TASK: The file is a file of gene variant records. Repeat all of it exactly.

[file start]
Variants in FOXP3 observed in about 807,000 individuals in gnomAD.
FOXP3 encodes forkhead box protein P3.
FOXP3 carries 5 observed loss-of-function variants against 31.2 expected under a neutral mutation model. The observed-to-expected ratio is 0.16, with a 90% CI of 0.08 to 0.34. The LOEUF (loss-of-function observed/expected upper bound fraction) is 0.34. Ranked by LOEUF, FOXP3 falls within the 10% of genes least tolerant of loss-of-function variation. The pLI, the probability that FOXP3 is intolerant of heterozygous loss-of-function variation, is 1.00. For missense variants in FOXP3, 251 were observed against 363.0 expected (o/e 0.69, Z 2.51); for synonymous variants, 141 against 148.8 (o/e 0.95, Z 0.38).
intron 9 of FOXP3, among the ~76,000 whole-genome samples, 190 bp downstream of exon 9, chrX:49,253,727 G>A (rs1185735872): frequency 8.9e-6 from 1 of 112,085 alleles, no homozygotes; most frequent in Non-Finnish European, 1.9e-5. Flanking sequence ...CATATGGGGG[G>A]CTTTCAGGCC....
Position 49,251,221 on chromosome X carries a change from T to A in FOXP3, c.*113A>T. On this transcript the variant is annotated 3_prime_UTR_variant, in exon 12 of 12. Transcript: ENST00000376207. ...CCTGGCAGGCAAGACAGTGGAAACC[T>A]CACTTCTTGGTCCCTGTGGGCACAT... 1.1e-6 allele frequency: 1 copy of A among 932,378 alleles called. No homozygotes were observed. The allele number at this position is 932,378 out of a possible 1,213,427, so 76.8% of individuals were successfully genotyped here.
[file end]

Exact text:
Variants in FOXP3 observed in about 807,000 individuals in gnomAD.
FOXP3 encodes forkhead box protein P3.
FOXP3 carries 5 observed loss-of-function variants against 31.2 expected under a neutral mutation model. The observed-to-expected ratio is 0.16, with a 90% CI of 0.08 to 0.34. The LOEUF (loss-of-function observed/expected upper bound fraction) is 0.34. Ranked by LOEUF, FOXP3 falls within the 10% of genes least tolerant of loss-of-function variation. The pLI, the probability that FOXP3 is intolerant of heterozygous loss-of-function variation, is 1.00. For missense variants in FOXP3, 251 were observed against 363.0 expected (o/e 0.69, Z 2.51); for synonymous variants, 141 against 148.8 (o/e 0.95, Z 0.38).
intron 9 of FOXP3, among the ~76,000 whole-genome samples, 190 bp downstream of exon 9, chrX:49,253,727 G>A (rs1185735872): frequency 8.9e-6 from 1 of 112,085 alleles, no homozygotes; most frequent in Non-Finnish European, 1.9e-5. Flanking sequence ...CATATGGGGG[G>A]CTTTCAGGCC....
Position 49,251,221 on chromosome X carries a change from T to A in FOXP3, c.*113A>T. On this transcript the variant is annotated 3_prime_UTR_variant, in exon 12 of 12. Transcript: ENST00000376207. ...CCTGGCAGGCAAGACAGTGGAAACC[T>A]CACTTCTTGGTCCCTGTGGGCACAT... 1.1e-6 allele frequency: 1 copy of A among 932,378 alleles called. No homozygotes were observed. The allele number at this position is 932,378 out of a possible 1,213,427, so 76.8% of individuals were successfully genotyped here.